In a famous essay from about 25 years ago, “Places to Intervene in a System,” the late systems scientist Donella Meadows described nine ways to make changes in a system, beginning with making small changes by changing subsidies, taxes and standards, to bringing about massive changes that can only come through a Paradigm Shift, a change in the prevailing thought and belief structures, the system’s goals, power structures, and basic rules. According to Meadows, it’s the Paradigm Shift that’s the most effective, but also the most elusive way to change a system. It’s elusive because it requires us to change how we think about who we are and what we really want, something that most of us avoid at all costs.

We’re right now engaged, mostly unknowingly and certainly unthinkingly, in trying to sort through these five approaches. The attraction of the Green New Deal to many people is that it deals with at least items (1) through (3) above. But because it’s a political document, it avoids larger cultural and spiritual issues that may ultimately hold the key to finding our way out of this labyrinth.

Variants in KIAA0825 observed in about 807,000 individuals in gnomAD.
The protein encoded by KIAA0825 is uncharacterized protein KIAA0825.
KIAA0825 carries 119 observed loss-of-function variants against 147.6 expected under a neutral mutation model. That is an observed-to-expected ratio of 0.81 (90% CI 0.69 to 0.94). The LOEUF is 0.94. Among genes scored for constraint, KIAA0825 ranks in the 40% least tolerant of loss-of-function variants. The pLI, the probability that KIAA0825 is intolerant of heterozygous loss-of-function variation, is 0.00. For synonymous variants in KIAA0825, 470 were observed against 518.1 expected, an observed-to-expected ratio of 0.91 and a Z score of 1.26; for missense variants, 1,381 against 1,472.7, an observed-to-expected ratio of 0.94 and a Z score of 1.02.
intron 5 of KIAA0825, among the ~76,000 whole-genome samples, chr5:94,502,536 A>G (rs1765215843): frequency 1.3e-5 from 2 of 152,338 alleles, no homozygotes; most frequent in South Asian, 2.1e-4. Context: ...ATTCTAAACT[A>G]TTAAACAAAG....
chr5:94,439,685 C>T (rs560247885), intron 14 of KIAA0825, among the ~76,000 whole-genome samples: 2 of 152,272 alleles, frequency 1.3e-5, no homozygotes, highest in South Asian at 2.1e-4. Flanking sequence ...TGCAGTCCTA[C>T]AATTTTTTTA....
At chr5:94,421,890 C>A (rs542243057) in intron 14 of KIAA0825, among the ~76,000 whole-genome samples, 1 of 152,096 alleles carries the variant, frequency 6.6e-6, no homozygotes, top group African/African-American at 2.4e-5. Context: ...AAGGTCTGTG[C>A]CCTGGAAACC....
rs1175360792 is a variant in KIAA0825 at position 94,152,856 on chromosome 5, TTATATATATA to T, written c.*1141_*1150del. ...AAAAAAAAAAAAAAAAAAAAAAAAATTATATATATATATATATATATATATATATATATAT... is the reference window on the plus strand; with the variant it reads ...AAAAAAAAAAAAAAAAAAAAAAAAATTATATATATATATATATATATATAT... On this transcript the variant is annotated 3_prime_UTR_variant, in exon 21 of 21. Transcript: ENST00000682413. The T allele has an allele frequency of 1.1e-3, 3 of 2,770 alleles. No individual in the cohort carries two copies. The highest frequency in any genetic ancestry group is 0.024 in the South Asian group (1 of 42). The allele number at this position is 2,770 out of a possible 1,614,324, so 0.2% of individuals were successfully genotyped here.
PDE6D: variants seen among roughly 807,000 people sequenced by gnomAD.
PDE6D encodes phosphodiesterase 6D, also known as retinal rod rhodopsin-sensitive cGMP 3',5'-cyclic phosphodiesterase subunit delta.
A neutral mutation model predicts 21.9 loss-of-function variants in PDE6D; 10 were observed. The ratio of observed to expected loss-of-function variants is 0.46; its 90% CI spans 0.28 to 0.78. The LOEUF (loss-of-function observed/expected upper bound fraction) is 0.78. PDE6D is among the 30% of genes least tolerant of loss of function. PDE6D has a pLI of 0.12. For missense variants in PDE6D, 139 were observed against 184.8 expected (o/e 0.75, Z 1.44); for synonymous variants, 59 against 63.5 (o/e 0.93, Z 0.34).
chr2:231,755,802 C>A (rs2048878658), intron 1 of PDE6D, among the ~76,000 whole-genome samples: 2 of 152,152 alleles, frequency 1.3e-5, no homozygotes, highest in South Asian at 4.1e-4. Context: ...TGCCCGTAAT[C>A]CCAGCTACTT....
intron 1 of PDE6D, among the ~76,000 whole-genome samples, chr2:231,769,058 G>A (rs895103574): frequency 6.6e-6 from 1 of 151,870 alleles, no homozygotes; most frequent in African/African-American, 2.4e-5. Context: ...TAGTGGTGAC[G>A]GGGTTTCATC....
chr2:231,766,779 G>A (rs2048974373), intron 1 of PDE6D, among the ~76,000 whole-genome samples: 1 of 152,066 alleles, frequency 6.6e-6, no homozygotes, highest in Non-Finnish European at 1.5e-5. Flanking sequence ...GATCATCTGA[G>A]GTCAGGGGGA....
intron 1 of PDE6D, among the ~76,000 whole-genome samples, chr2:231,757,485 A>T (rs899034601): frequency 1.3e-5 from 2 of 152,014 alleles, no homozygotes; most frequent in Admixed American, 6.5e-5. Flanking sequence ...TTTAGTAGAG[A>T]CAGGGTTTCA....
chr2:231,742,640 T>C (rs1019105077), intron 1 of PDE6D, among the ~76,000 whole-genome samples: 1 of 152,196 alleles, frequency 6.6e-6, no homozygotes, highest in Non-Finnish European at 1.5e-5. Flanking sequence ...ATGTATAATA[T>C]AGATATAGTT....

We need to be honest with ourselves, even if we believe fervently in the root causes and best cures for the climate crisis. We live inside society; we have to be willing to persuade our friends, family and neighbors that there is a different and altogether healthy way to live that can put the brakes on this accelerating crisis. We simply do not have enough time to bludgeon them with laws, taxes and regulations into behaving better. We must persuade and then develop better choices that work for most people.

What do you think?

The iconic  Pogo  cartoon created by Walt Kelly around the time of the first Earth Day in 1970.

The iconic Pogo cartoon created by Walt Kelly around the time of the first Earth Day in 1970.